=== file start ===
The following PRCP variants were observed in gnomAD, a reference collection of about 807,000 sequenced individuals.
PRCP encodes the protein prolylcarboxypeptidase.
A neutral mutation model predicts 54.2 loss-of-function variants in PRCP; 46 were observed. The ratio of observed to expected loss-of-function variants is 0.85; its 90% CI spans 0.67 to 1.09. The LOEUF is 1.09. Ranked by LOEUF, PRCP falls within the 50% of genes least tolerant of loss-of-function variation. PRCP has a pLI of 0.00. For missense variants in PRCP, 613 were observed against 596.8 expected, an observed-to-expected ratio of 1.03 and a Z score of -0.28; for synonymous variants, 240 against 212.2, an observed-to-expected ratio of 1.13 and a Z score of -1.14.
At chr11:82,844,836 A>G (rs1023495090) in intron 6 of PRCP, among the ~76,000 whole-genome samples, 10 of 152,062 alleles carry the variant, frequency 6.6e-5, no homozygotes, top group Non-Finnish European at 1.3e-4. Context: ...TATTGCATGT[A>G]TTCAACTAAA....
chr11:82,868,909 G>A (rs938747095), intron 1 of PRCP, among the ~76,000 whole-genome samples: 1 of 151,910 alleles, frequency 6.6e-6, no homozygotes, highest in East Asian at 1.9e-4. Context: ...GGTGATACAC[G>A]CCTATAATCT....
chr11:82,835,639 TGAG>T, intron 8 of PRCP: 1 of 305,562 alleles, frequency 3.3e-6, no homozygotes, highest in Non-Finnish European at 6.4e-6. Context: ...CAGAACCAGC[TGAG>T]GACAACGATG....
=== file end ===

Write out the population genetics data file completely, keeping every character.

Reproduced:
The following PRCP variants were observed in gnomAD, a reference collection of about 807,000 sequenced individuals.
PRCP encodes the protein prolylcarboxypeptidase.
A neutral mutation model predicts 54.2 loss-of-function variants in PRCP; 46 were observed. The ratio of observed to expected loss-of-function variants is 0.85; its 90% CI spans 0.67 to 1.09. The LOEUF is 1.09. Ranked by LOEUF, PRCP falls within the 50% of genes least tolerant of loss-of-function variation. PRCP has a pLI of 0.00. For missense variants in PRCP, 613 were observed against 596.8 expected, an observed-to-expected ratio of 1.03 and a Z score of -0.28; for synonymous variants, 240 against 212.2, an observed-to-expected ratio of 1.13 and a Z score of -1.14.
At chr11:82,844,836 A>G (rs1023495090) in intron 6 of PRCP, among the ~76,000 whole-genome samples, 10 of 152,062 alleles carry the variant, frequency 6.6e-5, no homozygotes, top group Non-Finnish European at 1.3e-4. Context: ...TATTGCATGT[A>G]TTCAACTAAA....
chr11:82,868,909 G>A (rs938747095), intron 1 of PRCP, among the ~76,000 whole-genome samples: 1 of 151,910 alleles, frequency 6.6e-6, no homozygotes, highest in East Asian at 1.9e-4. Context: ...GGTGATACAC[G>A]CCTATAATCT....
chr11:82,835,639 TGAG>T, intron 8 of PRCP: 1 of 305,562 alleles, frequency 3.3e-6, no homozygotes, highest in Non-Finnish European at 6.4e-6. Context: ...CAGAACCAGC[TGAG>T]GACAACGATG....